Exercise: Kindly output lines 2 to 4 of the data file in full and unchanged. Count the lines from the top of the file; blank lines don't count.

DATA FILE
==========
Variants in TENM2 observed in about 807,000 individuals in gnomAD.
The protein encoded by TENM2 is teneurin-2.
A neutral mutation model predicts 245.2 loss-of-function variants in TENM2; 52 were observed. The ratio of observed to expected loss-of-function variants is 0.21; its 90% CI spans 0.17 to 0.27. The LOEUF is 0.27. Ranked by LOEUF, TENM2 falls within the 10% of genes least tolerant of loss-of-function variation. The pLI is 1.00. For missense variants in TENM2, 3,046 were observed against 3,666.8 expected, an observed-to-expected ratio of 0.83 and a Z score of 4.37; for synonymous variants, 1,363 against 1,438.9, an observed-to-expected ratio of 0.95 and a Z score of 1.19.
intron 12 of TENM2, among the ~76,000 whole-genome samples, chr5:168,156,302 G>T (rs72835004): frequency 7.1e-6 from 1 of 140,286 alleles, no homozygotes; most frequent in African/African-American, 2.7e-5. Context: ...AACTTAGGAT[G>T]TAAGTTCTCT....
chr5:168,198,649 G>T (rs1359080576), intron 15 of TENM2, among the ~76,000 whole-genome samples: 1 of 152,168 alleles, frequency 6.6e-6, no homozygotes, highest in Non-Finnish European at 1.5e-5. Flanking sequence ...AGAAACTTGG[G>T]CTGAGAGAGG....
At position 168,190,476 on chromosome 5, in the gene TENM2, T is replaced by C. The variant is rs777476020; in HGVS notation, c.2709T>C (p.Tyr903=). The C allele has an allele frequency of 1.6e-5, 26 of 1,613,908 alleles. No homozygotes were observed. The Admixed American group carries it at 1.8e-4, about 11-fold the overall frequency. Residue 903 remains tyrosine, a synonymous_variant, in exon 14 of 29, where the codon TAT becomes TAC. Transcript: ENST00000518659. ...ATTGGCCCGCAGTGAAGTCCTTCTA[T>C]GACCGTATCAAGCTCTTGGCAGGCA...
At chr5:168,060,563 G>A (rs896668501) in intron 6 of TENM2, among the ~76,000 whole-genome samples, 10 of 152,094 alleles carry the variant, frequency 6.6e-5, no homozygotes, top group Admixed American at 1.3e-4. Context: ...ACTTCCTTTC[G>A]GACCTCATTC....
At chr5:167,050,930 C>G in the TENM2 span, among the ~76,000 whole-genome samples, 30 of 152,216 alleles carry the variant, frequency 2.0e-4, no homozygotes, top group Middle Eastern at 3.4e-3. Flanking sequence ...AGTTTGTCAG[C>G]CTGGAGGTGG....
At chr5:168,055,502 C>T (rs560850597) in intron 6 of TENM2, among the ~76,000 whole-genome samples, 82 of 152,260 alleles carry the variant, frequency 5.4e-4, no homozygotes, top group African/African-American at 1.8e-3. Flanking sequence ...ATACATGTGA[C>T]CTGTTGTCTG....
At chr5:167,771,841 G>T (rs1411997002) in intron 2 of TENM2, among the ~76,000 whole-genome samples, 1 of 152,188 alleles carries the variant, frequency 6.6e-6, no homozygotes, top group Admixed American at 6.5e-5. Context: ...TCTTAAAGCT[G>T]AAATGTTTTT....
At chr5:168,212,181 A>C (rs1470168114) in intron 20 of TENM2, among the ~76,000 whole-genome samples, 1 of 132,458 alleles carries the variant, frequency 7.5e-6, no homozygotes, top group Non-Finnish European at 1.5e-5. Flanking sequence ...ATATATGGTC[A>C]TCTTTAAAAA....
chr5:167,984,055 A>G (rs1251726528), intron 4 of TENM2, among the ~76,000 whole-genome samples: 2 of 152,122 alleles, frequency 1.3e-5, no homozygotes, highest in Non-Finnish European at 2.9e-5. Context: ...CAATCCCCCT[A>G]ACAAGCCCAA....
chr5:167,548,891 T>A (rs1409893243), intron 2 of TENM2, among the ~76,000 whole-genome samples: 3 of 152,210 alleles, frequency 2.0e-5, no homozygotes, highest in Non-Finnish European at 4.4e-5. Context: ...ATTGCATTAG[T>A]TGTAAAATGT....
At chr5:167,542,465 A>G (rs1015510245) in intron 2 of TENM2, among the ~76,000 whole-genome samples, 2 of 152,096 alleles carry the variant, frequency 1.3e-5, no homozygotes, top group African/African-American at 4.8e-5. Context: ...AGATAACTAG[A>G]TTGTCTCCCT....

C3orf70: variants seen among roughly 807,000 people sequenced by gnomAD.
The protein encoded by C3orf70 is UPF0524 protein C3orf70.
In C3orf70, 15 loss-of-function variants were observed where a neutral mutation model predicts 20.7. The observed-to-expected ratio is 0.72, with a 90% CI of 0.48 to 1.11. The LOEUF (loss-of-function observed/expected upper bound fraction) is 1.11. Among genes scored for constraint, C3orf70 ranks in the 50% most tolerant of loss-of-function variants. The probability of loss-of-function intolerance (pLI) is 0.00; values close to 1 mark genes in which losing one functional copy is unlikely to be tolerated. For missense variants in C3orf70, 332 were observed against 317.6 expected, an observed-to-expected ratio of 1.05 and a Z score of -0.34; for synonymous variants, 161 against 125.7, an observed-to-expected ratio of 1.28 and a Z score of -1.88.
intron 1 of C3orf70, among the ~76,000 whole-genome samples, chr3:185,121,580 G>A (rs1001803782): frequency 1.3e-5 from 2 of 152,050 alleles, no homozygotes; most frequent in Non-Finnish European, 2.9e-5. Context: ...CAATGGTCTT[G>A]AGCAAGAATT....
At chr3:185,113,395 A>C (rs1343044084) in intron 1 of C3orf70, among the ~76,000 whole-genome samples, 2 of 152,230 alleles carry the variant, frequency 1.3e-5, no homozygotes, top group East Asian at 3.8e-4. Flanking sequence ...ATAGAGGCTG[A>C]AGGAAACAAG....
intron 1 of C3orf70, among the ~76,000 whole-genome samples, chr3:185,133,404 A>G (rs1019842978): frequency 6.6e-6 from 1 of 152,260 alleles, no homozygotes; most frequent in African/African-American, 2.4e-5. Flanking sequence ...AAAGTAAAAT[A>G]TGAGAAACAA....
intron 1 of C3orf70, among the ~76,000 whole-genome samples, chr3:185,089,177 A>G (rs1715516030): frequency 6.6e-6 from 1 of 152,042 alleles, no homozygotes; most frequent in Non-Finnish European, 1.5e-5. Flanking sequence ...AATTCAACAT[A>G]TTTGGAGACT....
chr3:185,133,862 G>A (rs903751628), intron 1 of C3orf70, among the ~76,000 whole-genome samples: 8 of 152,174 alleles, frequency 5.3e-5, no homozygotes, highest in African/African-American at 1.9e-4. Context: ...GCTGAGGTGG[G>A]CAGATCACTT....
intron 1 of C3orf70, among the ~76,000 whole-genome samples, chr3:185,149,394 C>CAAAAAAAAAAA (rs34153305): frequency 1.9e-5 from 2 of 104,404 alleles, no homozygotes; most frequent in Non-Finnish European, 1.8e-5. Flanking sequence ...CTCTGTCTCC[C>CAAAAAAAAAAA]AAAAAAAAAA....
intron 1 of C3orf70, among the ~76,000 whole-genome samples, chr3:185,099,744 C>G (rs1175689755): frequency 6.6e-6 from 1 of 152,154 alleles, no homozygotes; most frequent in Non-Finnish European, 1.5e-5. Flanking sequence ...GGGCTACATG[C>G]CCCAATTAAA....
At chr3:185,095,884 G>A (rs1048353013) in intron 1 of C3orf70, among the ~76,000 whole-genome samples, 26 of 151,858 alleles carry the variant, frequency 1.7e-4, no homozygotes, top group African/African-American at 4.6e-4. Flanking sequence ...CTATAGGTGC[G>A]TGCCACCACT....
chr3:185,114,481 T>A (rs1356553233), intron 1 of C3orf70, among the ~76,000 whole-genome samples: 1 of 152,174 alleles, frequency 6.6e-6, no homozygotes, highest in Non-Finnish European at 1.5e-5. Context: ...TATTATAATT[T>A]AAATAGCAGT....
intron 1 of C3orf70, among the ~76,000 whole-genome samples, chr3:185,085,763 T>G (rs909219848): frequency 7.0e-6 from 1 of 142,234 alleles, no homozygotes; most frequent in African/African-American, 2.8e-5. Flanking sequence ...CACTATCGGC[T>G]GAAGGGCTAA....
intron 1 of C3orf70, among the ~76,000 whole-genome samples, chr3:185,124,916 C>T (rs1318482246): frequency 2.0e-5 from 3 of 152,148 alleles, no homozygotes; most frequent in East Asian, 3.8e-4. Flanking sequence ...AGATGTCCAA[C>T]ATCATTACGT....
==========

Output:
The protein encoded by TENM2 is teneurin-2.
A neutral mutation model predicts 245.2 loss-of-function variants in TENM2; 52 were observed. The ratio of observed to expected loss-of-function variants is 0.21; its 90% CI spans 0.17 to 0.27. The LOEUF is 0.27. Ranked by LOEUF, TENM2 falls within the 10% of genes least tolerant of loss-of-function variation. The pLI is 1.00. For missense variants in TENM2, 3,046 were observed against 3,666.8 expected, an observed-to-expected ratio of 0.83 and a Z score of 4.37; for synonymous variants, 1,363 against 1,438.9, an observed-to-expected ratio of 0.95 and a Z score of 1.19.
intron 12 of TENM2, among the ~76,000 whole-genome samples, chr5:168,156,302 G>T (rs72835004): frequency 7.1e-6 from 1 of 140,286 alleles, no homozygotes; most frequent in African/African-American, 2.7e-5. Context: ...AACTTAGGAT[G>T]TAAGTTCTCT....